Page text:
Born in the town of Kadish on the Polish-German border in 1922, Vitka Kempner Kovner escaped to Vilna after Germany invaded Poland in 1939. After Germany invaded the Soviet Union and turned Vilna into a ghetto, Vitka joined up with poet and future husband, Abba Kovner to organize the United Partisans Organization (FPO) – a Jewish armed resistance movement. Vitka committed FPO’s first act of sabotage when she blew up a Nazi train line with a homemade bomb.
When the Nazis gave orders to liquidate the ghetto in 1943, she helped evacuate much of the Jewish population to the forests following a failed uprising. Vitka continued her work in the resistance with the "Avengers," an all-Jewish partisan brigade formed from the ashes of the FPO and led by Abba Kovner.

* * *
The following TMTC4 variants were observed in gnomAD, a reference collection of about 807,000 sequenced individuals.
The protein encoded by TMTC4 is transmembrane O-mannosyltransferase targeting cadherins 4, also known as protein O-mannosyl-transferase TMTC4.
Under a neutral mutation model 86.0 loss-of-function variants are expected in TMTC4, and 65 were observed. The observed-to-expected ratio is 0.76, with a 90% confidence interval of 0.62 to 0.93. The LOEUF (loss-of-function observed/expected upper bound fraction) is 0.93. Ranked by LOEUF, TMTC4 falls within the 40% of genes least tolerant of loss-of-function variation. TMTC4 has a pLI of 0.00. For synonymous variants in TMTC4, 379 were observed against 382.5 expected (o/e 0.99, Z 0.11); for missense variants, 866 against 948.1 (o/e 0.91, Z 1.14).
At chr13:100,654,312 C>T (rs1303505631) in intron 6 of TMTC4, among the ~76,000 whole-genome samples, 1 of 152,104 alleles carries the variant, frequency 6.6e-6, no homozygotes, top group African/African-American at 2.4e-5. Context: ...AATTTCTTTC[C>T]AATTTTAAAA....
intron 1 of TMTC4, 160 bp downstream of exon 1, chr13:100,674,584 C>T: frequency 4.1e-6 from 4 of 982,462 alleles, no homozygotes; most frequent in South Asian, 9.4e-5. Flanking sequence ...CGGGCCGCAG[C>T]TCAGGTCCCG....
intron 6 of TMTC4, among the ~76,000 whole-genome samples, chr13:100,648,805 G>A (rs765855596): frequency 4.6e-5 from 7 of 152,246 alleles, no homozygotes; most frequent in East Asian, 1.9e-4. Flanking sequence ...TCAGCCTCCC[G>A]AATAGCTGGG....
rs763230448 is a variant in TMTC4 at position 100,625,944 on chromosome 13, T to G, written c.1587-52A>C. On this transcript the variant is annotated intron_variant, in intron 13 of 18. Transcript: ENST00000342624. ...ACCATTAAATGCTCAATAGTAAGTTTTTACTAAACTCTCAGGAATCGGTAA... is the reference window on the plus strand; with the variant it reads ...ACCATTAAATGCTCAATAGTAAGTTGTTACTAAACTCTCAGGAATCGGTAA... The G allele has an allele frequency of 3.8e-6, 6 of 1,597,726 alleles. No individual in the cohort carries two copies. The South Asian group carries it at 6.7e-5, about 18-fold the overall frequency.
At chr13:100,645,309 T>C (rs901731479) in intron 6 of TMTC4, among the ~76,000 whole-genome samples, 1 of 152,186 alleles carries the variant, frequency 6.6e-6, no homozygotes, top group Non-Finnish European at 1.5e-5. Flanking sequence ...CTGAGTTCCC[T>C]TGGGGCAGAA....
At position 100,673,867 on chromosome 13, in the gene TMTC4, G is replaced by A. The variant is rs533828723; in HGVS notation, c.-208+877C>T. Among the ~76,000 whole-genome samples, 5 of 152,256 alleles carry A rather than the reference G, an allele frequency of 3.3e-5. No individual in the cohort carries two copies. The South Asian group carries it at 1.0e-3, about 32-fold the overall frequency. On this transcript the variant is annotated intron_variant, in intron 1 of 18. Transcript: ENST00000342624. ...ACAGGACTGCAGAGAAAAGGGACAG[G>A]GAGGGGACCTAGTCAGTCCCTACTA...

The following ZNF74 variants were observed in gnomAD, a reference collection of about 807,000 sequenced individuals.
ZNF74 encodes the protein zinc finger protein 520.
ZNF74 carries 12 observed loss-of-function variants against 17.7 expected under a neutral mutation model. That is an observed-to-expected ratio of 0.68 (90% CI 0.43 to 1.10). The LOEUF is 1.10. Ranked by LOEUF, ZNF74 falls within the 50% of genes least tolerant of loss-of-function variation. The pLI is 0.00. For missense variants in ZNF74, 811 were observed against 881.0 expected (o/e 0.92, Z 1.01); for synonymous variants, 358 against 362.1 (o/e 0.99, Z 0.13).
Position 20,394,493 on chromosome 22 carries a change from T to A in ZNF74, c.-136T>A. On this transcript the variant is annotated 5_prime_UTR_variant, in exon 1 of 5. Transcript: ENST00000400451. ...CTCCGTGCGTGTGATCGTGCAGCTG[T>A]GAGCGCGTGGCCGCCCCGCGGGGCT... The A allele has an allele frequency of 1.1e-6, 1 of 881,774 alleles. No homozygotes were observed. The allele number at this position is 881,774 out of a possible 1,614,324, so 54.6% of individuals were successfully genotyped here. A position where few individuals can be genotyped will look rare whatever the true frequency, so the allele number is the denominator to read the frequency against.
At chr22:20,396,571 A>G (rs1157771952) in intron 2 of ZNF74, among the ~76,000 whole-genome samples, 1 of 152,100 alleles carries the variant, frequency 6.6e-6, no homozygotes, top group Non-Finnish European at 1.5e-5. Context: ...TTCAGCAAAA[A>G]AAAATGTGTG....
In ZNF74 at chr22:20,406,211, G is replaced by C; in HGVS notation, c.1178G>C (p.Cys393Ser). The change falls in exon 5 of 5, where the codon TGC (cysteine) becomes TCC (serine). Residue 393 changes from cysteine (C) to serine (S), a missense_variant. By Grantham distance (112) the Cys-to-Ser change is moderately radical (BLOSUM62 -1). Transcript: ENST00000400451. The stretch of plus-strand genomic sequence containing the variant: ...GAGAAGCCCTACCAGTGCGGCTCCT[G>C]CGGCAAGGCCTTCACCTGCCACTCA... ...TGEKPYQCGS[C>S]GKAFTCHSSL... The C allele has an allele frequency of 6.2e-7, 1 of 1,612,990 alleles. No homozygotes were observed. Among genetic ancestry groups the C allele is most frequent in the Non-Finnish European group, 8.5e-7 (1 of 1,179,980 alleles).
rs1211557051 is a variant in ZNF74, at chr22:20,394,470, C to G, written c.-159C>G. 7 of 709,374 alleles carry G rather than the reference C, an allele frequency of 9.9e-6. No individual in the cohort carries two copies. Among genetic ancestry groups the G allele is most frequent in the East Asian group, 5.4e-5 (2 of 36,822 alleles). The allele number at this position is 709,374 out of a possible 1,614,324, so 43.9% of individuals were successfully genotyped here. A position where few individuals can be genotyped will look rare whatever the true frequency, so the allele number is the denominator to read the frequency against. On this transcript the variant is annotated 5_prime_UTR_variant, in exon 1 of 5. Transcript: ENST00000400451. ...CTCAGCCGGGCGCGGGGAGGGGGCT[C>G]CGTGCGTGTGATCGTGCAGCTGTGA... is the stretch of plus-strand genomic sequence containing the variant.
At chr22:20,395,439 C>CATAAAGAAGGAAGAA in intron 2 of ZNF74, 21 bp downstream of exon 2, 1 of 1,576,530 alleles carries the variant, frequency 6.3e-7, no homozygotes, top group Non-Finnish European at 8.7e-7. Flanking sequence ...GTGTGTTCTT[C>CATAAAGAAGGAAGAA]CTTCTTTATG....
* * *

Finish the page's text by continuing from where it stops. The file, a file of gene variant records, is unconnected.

After the war, Vitka and her husband helped hundreds of European Jews immigrate to Palestine, the land that would eventually become the Jewish state of Israel. They both followed in 1946, settling at Kibbutz Ein Hahoresh, where Vitka passed away on February 15, 2012. She was survived by four grandchildren and left behind a proud legacy of survival and resistance.
For more information on Vitka, including seven videos of her speaking about her experiences, please visit her profile on the JPEF website and view the short film Women in the Partisans. Vitka is now featured on the websites of both Facing History and Ourselves and the United States Memorial Holocaust Museum through their collaborations with JPEF.
May Vitka and Abba's memories be a blessing.